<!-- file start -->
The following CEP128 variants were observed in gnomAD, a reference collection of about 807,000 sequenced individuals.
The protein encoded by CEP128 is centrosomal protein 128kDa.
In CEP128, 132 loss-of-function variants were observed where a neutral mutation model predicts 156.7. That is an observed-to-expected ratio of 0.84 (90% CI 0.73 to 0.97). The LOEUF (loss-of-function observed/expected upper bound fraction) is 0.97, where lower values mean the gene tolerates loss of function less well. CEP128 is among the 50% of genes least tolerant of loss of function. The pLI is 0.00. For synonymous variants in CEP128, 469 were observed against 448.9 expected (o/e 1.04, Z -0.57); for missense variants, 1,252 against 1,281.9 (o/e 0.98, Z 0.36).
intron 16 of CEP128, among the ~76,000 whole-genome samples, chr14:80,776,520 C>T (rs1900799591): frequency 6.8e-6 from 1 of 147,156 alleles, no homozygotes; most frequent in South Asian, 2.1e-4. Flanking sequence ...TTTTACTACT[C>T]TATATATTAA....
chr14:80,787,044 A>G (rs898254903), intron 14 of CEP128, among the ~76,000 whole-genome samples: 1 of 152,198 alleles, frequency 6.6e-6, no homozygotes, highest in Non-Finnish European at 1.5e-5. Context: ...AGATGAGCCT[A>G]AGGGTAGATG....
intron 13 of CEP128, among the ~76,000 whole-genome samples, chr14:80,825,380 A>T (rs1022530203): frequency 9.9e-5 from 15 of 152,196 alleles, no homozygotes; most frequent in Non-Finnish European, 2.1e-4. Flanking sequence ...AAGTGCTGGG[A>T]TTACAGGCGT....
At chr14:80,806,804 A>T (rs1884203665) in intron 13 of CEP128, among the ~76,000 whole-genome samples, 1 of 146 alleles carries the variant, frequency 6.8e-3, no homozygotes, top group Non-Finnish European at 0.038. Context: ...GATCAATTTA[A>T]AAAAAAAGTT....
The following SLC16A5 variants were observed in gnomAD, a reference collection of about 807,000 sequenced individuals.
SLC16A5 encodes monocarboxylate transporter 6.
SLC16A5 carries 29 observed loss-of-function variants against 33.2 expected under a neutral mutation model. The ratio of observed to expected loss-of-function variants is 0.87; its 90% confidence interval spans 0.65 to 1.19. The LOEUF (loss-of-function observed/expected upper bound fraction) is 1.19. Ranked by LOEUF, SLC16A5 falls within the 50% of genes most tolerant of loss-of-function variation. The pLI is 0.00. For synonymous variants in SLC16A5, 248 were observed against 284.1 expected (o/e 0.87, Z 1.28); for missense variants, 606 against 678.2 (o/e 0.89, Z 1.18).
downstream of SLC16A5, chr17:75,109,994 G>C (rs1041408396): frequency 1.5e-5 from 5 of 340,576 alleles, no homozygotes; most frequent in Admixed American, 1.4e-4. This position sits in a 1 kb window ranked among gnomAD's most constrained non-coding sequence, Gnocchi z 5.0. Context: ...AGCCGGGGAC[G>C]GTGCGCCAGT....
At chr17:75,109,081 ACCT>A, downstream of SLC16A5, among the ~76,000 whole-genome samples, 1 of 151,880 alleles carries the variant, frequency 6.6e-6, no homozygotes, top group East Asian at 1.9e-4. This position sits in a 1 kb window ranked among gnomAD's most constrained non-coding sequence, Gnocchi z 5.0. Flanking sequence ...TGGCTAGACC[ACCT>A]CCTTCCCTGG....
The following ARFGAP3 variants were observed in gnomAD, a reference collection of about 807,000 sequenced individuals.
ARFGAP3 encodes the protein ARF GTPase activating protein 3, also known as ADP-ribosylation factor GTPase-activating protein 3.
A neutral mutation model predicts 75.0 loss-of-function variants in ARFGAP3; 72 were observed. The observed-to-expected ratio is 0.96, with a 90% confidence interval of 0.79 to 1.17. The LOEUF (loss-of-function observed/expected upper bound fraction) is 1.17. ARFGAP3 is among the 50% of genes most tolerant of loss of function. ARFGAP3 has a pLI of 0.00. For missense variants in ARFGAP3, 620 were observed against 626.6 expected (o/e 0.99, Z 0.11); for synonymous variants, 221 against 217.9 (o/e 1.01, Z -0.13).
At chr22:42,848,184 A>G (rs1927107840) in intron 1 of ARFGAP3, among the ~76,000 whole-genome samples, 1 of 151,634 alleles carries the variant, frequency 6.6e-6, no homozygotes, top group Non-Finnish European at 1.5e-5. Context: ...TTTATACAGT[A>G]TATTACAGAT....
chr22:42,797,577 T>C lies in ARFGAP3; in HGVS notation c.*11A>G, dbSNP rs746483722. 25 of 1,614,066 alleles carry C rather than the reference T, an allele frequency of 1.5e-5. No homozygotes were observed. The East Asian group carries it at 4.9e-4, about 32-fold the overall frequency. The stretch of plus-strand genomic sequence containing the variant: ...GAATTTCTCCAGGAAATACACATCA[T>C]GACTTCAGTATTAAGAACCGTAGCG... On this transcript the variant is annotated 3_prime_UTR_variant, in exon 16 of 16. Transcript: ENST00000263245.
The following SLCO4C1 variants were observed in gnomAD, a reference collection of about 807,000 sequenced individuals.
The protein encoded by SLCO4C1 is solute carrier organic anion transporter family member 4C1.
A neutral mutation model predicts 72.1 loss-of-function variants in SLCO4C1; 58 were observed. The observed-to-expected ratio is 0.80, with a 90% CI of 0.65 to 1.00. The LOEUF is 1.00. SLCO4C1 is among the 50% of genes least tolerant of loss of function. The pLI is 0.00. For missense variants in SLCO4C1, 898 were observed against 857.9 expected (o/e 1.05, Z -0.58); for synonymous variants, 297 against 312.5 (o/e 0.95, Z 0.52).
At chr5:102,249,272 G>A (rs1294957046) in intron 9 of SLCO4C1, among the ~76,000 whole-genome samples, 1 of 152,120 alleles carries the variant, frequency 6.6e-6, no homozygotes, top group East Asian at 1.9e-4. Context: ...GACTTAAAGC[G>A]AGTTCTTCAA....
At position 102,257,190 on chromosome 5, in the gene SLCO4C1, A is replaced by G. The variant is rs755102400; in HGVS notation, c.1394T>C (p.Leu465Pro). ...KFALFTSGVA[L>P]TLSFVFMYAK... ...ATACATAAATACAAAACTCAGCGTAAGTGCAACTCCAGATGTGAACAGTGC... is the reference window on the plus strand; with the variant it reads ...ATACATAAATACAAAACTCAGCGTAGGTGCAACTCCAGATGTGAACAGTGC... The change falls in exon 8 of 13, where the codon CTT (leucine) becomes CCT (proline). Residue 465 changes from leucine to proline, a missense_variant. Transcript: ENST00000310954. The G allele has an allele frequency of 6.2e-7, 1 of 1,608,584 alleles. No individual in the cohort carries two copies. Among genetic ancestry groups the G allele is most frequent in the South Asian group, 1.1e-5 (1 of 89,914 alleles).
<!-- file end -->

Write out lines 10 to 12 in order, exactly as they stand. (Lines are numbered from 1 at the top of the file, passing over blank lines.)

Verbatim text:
SLC16A5 carries 29 observed loss-of-function variants against 33.2 expected under a neutral mutation model. The ratio of observed to expected loss-of-function variants is 0.87; its 90% confidence interval spans 0.65 to 1.19. The LOEUF (loss-of-function observed/expected upper bound fraction) is 1.19. Ranked by LOEUF, SLC16A5 falls within the 50% of genes most tolerant of loss-of-function variation. The pLI is 0.00. For synonymous variants in SLC16A5, 248 were observed against 284.1 expected (o/e 0.87, Z 1.28); for missense variants, 606 against 678.2 (o/e 0.89, Z 1.18).
downstream of SLC16A5, chr17:75,109,994 G>C (rs1041408396): frequency 1.5e-5 from 5 of 340,576 alleles, no homozygotes; most frequent in Admixed American, 1.4e-4. This position sits in a 1 kb window ranked among gnomAD's most constrained non-coding sequence, Gnocchi z 5.0. Context: ...AGCCGGGGAC[G>C]GTGCGCCAGT....
At chr17:75,109,081 ACCT>A, downstream of SLC16A5, among the ~76,000 whole-genome samples, 1 of 151,880 alleles carries the variant, frequency 6.6e-6, no homozygotes, top group East Asian at 1.9e-4. This position sits in a 1 kb window ranked among gnomAD's most constrained non-coding sequence, Gnocchi z 5.0. Flanking sequence ...TGGCTAGACC[ACCT>A]CCTTCCCTGG....